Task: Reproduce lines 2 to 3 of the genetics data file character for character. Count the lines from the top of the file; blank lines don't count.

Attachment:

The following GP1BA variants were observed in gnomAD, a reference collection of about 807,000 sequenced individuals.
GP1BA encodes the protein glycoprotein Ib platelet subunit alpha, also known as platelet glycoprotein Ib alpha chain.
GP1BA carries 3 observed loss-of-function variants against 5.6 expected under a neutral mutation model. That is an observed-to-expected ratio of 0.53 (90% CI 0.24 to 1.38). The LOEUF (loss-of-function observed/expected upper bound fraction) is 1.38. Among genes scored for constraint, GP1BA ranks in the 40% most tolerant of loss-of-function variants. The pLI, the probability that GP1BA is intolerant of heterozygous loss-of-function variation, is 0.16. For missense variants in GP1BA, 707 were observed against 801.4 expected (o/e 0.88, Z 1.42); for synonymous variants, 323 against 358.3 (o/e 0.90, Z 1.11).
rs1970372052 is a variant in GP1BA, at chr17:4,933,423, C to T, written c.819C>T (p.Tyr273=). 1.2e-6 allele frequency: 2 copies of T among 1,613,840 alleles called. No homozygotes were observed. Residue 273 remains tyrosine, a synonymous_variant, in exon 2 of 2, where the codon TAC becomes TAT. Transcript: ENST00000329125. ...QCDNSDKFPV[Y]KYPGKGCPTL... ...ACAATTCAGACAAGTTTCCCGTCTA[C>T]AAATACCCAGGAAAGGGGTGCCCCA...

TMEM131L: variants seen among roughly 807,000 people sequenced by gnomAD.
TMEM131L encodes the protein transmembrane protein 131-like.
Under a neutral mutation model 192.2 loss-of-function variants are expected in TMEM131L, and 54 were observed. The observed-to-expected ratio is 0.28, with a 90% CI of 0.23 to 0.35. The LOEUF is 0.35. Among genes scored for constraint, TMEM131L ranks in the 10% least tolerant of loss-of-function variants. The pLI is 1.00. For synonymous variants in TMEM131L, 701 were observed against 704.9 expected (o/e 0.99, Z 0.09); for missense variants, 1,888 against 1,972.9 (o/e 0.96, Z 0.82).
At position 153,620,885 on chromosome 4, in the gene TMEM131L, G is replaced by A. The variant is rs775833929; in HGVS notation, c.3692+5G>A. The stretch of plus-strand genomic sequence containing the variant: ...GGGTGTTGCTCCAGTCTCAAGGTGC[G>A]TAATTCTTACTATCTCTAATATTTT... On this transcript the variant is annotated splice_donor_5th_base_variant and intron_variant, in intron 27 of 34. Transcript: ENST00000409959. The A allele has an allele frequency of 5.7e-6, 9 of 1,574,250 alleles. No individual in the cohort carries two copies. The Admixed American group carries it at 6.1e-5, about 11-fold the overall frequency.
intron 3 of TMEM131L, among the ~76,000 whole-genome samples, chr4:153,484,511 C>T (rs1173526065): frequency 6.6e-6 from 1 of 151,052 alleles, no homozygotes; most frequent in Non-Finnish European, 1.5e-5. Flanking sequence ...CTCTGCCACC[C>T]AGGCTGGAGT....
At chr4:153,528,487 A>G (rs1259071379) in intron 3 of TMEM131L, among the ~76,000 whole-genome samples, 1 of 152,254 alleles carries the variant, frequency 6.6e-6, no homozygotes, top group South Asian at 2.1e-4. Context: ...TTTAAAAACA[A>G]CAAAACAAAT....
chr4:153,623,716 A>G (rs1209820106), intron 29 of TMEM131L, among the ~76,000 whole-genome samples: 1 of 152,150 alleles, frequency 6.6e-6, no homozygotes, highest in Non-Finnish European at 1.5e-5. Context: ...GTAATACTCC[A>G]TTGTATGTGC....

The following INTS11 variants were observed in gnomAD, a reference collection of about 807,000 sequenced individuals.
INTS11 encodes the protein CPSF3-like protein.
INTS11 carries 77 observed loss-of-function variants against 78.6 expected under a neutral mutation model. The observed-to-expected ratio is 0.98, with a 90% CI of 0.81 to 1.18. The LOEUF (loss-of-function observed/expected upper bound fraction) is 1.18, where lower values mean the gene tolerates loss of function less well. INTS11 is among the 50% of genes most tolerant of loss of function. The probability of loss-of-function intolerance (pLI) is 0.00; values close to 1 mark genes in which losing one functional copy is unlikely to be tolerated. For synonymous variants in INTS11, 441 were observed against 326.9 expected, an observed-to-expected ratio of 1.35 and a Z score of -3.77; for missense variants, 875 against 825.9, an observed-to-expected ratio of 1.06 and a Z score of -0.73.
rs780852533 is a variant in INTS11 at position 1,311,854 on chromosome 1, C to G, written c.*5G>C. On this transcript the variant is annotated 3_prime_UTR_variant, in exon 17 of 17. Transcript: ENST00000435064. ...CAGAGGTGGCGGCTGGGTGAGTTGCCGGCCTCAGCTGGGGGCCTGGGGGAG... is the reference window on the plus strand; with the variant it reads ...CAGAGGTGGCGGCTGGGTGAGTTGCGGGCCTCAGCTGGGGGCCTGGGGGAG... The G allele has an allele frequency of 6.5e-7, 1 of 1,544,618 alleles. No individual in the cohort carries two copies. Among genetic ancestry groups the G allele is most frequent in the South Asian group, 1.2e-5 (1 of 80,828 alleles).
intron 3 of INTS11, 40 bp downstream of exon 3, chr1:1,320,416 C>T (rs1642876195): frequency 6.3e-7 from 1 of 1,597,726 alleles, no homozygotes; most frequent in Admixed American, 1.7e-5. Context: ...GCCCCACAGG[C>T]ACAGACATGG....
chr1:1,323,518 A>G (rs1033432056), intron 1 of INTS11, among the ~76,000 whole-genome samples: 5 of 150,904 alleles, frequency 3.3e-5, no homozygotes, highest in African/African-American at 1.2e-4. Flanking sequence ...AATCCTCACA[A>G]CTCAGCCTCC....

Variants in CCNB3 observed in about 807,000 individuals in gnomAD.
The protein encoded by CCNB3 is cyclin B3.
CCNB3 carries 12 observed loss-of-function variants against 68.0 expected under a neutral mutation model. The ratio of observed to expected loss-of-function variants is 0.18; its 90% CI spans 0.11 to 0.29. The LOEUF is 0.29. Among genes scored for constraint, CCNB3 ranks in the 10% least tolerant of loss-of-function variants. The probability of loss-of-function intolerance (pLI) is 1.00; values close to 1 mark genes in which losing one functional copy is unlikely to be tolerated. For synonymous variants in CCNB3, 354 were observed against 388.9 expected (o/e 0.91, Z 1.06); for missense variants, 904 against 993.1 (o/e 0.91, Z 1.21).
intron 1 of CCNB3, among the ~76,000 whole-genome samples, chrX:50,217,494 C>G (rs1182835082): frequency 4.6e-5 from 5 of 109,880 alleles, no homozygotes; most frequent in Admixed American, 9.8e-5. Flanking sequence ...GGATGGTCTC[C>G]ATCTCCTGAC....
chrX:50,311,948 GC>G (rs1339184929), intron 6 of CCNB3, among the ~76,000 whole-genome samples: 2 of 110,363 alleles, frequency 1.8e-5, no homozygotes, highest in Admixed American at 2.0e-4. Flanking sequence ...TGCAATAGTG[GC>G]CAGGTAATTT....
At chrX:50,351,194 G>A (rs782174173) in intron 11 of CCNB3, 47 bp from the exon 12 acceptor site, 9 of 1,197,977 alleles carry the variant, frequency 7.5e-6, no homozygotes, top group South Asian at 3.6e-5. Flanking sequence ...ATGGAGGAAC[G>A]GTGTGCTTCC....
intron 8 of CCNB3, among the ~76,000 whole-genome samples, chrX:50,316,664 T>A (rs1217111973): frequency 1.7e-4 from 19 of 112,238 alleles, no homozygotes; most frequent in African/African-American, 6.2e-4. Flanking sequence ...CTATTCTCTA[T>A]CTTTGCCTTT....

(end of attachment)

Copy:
GP1BA encodes the protein glycoprotein Ib platelet subunit alpha, also known as platelet glycoprotein Ib alpha chain.
GP1BA carries 3 observed loss-of-function variants against 5.6 expected under a neutral mutation model. That is an observed-to-expected ratio of 0.53 (90% CI 0.24 to 1.38). The LOEUF (loss-of-function observed/expected upper bound fraction) is 1.38. Among genes scored for constraint, GP1BA ranks in the 40% most tolerant of loss-of-function variants. The pLI, the probability that GP1BA is intolerant of heterozygous loss-of-function variation, is 0.16. For missense variants in GP1BA, 707 were observed against 801.4 expected (o/e 0.88, Z 1.42); for synonymous variants, 323 against 358.3 (o/e 0.90, Z 1.11).